How the Easter Egg Weevils got their spots: Phylogenomics reveals Müllerian mimicry in Pachyrhynchus (Coleoptera, Curculionidae)
Van Dam, Matthew H. (2022), How the Easter Egg Weevils got their spots: Phylogenomics reveals Müllerian mimicry in Pachyrhynchus (Coleoptera, Curculionidae), Dryad, Dataset, https://doi.org/10.5061/dryad.8sf7m0cs2
The evolutionary origins of mimicry in the Easter Egg weevil, Pachyrhynchus, have fascinated researchers since first noted more than a century ago by Alfred Russel Wallace. Müllerian mimicry, or mimicry in which two or more distasteful species look similar, is widespread throughout the animal kingdom. Given the varied but discrete color patterns in Pachyrhynchus, this genus presents one of the best opportunities to study the evolution of both perfect and imperfect mimicry. We analyzed more than 10,000 UCE loci using a novel partitioning strategy to resolve the relationships of closely related species in the genus. Our results indicate that many of the mimetic color patterns observed in sympatric species are due to convergent evolution. We suggest that this convergence is driven by positive frequency-dependent selection.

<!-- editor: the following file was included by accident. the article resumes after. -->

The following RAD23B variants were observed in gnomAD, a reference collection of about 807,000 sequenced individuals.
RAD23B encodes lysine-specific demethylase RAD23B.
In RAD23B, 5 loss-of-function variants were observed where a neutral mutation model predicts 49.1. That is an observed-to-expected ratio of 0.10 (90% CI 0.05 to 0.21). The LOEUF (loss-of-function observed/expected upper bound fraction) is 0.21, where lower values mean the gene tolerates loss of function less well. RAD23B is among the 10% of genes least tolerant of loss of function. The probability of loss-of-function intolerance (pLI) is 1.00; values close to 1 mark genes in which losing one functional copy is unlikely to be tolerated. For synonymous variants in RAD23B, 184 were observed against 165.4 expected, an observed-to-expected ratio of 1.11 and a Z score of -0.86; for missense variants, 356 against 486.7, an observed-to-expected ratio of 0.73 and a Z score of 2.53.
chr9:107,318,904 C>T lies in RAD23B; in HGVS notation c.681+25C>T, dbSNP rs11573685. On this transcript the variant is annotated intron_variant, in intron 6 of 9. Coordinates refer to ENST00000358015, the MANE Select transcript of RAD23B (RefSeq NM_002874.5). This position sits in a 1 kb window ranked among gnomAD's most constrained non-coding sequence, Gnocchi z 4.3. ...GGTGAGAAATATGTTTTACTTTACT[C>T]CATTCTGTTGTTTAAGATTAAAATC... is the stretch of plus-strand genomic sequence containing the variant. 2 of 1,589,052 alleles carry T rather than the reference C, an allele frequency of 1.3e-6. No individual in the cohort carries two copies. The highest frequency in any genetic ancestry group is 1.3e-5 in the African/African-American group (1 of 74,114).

Divergence Dating Biogeography
We used MCMCTREE (Yang 2007) to perform our divergence dating analyses. We used the topology from our ASTRAL analyses as the starting topology for the MCMCTREE. No fossils exist for our ingroup or near relatives, so we used a geological calibration for the maximum age of the Philippine Islands. We used 25–30 Ma as the root node of the Pachyrhynchini, an approximate date for the emergence of the Philippine proto-islands proposed by Hall (2002). We used MCMCtreeR (Puttick 2019) to estimate a normal distribution around the maximum age of our calibration point as well as to format the tree file for MCMCTREE. Next, we used the aforementioned tree to obtain a rough estimate of the substitution rate using basml (Dos Reis and Yang 2013). To help accomplish this, we randomly selected 300 loci, using many more will prevent the analysis from completing, as well as using more data is not necessary to approximate the uncertainty of the divergence dates (Dos Reis and Yang 2013; Zhu et al. 2015). Finally, we estimated the gradient and Hessian of the branch lengths (Dos Reis and Yang 2011) to assist in the final estimation of our divergence dates.
National Science Foundation, Award: 1856402